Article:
Rabbit Hemorrhagic Disease Fact Sheet
History of Arizona state outbreak
On March 25, the Arizona State Veterinarian's Office received Information from the State Veterinarian in New Mexico that they had a confirmed case of RHDV2 in a domestic rabbit and were seeing a die off of wild rabbits as well. On April 2, New Mexico reported that since the March 24, 2020 diagnosis of RHDV2 in pet rabbits was confirmed at Foreign Animal Disease Diagnostic Laboratory (FADDL), 5 additional detections on premises in 5 counties have been confirmed, and this investigation is ongoing. On April 2, they confirmed RHDV2 in a wild black-tailed jackrabbit and wild cottontails, representing the first detection of this virus in wild rabbits in the United States.
On April 1st, Arizona Game and Fish received 2 separate reports from wildlife managers in the Douglas area of dying cottontails and jackrabbits. A cottontail and black-tailed jackrabbit were collected and delivered on April 4th to Dr. Justice-Allen, wildlife veterinarian for AZGFD. Lesions were found consistent with RHDV2. Samples from these rabbits were sent to the FADDL at Plum Island. On April 8th, the laboratory confirmed that these animals had died from RHDV2.
On April 6th the AZDA received a report of a sudden die off in a domestic rabbit population in North Eastern Arizona. Samples were collected and sent to FADDL and were reported out as positive on April 9, 2020.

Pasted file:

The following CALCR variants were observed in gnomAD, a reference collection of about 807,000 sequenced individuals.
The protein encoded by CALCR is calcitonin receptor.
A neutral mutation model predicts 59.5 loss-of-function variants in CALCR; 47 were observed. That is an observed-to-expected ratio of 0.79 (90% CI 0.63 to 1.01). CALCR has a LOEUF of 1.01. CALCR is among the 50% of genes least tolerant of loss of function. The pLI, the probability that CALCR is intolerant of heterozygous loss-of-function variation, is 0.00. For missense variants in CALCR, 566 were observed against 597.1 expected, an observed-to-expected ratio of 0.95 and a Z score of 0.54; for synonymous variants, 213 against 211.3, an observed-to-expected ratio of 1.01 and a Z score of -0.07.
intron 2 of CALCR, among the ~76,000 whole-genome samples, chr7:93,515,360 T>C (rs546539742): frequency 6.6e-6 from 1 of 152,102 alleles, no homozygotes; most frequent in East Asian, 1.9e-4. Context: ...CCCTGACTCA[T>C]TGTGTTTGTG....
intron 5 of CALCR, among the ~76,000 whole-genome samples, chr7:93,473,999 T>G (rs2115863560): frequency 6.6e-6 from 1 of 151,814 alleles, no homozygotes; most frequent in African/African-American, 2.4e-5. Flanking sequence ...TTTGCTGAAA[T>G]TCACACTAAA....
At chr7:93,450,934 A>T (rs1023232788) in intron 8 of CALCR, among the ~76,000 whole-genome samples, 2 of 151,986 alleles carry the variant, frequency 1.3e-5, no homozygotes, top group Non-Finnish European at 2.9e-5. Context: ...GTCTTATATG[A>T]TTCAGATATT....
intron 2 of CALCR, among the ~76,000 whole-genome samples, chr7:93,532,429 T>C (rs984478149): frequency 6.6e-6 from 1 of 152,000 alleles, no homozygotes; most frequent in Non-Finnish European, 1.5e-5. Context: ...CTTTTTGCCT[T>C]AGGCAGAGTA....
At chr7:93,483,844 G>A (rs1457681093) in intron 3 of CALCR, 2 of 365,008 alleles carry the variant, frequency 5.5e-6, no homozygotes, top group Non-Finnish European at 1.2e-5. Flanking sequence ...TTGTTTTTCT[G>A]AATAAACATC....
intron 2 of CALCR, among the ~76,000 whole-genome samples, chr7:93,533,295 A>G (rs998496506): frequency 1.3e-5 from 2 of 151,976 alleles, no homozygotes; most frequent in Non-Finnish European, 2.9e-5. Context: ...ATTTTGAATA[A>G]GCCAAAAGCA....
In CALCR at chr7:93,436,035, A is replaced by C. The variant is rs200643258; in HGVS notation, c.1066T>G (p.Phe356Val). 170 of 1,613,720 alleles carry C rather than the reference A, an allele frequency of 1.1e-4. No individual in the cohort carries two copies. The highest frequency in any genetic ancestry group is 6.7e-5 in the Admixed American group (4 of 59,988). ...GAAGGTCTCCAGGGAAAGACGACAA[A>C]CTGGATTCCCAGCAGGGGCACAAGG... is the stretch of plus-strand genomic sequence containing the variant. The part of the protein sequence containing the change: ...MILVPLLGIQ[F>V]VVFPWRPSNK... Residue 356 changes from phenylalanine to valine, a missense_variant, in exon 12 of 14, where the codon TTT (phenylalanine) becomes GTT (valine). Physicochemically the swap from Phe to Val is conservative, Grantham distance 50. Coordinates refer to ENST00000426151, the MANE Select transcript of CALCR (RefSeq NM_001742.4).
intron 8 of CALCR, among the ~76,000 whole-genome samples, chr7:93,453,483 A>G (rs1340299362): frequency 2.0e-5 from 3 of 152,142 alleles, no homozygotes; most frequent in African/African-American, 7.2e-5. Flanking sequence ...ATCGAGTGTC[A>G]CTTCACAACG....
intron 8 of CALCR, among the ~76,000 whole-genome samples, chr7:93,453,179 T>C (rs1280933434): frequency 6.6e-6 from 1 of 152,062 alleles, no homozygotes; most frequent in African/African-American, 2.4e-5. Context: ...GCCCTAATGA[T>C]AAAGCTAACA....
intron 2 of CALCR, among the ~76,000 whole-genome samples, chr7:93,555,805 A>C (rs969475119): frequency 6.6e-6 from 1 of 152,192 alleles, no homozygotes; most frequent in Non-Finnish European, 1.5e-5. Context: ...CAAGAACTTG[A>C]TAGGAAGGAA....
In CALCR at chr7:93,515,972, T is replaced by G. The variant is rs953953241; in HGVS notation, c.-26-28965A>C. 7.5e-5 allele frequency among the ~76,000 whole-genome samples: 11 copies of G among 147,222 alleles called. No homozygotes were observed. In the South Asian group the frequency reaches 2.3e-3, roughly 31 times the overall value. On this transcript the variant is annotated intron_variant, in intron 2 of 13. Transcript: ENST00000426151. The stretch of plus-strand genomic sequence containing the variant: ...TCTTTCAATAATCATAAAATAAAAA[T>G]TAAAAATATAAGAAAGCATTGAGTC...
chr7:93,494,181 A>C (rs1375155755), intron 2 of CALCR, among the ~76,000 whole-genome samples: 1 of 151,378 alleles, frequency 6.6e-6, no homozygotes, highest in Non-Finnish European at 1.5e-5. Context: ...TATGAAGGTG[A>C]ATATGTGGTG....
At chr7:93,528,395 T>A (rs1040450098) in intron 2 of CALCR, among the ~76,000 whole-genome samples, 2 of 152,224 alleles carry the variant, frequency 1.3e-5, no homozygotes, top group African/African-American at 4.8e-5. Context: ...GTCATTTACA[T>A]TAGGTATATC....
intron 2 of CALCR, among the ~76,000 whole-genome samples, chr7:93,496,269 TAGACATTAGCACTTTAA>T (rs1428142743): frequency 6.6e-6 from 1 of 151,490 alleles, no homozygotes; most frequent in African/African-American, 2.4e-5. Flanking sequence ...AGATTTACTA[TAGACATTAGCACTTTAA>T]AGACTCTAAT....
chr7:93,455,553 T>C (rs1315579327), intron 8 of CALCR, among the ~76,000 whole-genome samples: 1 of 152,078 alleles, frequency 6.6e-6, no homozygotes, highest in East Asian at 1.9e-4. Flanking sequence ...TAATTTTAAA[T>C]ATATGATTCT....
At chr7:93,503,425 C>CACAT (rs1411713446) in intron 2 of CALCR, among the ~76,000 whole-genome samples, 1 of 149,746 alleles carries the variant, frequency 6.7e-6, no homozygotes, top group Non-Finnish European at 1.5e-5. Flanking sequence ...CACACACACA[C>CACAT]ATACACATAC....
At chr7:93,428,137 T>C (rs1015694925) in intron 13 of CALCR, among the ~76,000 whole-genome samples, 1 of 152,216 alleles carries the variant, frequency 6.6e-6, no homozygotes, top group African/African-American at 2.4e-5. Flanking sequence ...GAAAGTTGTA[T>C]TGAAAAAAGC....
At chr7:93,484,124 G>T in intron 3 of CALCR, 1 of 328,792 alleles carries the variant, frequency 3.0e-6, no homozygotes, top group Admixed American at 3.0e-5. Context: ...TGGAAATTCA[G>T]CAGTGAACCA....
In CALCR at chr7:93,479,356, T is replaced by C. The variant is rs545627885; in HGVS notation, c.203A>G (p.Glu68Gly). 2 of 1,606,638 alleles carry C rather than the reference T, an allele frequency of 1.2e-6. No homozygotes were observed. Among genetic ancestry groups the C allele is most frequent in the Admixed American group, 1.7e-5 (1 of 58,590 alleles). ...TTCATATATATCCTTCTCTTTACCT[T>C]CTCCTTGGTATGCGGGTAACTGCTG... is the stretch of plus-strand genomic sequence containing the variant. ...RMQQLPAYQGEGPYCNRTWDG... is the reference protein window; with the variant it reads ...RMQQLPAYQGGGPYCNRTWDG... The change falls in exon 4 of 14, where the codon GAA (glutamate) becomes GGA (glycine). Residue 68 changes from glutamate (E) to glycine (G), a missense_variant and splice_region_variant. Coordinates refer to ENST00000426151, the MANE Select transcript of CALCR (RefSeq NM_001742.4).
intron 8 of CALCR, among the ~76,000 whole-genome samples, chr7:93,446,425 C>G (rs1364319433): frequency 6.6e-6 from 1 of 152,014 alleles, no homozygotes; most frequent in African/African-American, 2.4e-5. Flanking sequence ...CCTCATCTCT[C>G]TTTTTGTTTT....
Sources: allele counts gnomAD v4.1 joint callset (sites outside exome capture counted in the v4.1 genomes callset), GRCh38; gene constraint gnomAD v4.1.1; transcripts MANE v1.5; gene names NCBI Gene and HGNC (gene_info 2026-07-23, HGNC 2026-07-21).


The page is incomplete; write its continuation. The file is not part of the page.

RHDV2 is a viral disease that only affects rabbits (not people, pets, or livestock). Until very recently, it was not known whether or not North American native rabbits would be susceptible to it. They are not susceptible to another strain of the virus, RHDV1. This virus is not related to coronavirus; it is a calicivirus. Infection with this virus is associated with a high mortality rate and it is quite contagious. The virus can survive in the environment for an extended period of time.
Origin of the disease
The RHD virus was first diagnosed in 1984 in China. It spread widely throughout the world and is well established in some countries. It was introduced and used as a natural population control measure in both New Zealand and Australia, where rabbit numbers were raging unsustainably.
RHD probably developed from non-pathogenic caliciviruses present in wild European rabbits. There are three forms of the RHD virus. The form identified in the Arizona and New Mexico was RHDV2, believed to infect all ages of domestic rabbits but less deadly than types RHDV and RHDVa.
Signs of infection
The first sign of infection with RHD is often sudden and unexpected death in previously healthy rabbits. Those that do not die immediately may demonstrate poor appetite, depression, inactivity, and listlessness; they will have a fever and bloody nasal discharge may be noted. Later signs relate to organ failure and include jaundice, respiratory distress, diarrhea, weight loss, bloating, and death.